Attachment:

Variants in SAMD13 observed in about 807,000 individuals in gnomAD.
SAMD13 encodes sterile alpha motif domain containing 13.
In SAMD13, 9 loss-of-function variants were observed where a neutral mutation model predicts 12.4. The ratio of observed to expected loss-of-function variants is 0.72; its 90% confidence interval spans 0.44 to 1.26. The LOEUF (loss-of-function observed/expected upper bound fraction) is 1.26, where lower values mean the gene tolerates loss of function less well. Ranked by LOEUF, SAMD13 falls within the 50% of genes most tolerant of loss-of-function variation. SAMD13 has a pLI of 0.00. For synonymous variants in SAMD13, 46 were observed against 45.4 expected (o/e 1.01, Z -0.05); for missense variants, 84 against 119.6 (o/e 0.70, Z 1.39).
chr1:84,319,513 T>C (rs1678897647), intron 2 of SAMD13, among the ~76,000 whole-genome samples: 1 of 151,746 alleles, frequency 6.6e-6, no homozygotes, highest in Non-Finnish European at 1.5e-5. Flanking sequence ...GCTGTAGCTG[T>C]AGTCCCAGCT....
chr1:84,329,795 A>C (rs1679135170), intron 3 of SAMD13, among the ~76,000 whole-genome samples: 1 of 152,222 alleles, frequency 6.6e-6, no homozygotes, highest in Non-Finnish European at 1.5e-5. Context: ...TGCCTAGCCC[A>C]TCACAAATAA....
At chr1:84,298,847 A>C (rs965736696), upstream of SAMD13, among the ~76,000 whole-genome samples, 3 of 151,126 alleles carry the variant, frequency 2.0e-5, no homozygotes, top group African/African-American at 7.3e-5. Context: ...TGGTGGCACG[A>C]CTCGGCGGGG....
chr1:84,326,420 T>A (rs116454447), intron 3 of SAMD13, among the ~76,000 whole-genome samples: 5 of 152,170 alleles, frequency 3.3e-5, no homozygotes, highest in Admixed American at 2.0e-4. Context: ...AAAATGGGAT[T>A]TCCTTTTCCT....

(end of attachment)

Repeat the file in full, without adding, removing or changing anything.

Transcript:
Variants in SAMD13 observed in about 807,000 individuals in gnomAD.
SAMD13 encodes sterile alpha motif domain containing 13.
In SAMD13, 9 loss-of-function variants were observed where a neutral mutation model predicts 12.4. The ratio of observed to expected loss-of-function variants is 0.72; its 90% confidence interval spans 0.44 to 1.26. The LOEUF (loss-of-function observed/expected upper bound fraction) is 1.26, where lower values mean the gene tolerates loss of function less well. Ranked by LOEUF, SAMD13 falls within the 50% of genes most tolerant of loss-of-function variation. SAMD13 has a pLI of 0.00. For synonymous variants in SAMD13, 46 were observed against 45.4 expected (o/e 1.01, Z -0.05); for missense variants, 84 against 119.6 (o/e 0.70, Z 1.39).
chr1:84,319,513 T>C (rs1678897647), intron 2 of SAMD13, among the ~76,000 whole-genome samples: 1 of 151,746 alleles, frequency 6.6e-6, no homozygotes, highest in Non-Finnish European at 1.5e-5. Flanking sequence ...GCTGTAGCTG[T>C]AGTCCCAGCT....
chr1:84,329,795 A>C (rs1679135170), intron 3 of SAMD13, among the ~76,000 whole-genome samples: 1 of 152,222 alleles, frequency 6.6e-6, no homozygotes, highest in Non-Finnish European at 1.5e-5. Context: ...TGCCTAGCCC[A>C]TCACAAATAA....
At chr1:84,298,847 A>C (rs965736696), upstream of SAMD13, among the ~76,000 whole-genome samples, 3 of 151,126 alleles carry the variant, frequency 2.0e-5, no homozygotes, top group African/African-American at 7.3e-5. Context: ...TGGTGGCACG[A>C]CTCGGCGGGG....
chr1:84,326,420 T>A (rs116454447), intron 3 of SAMD13, among the ~76,000 whole-genome samples: 5 of 152,170 alleles, frequency 3.3e-5, no homozygotes, highest in Admixed American at 2.0e-4. Context: ...AAAATGGGAT[T>A]TCCTTTTCCT....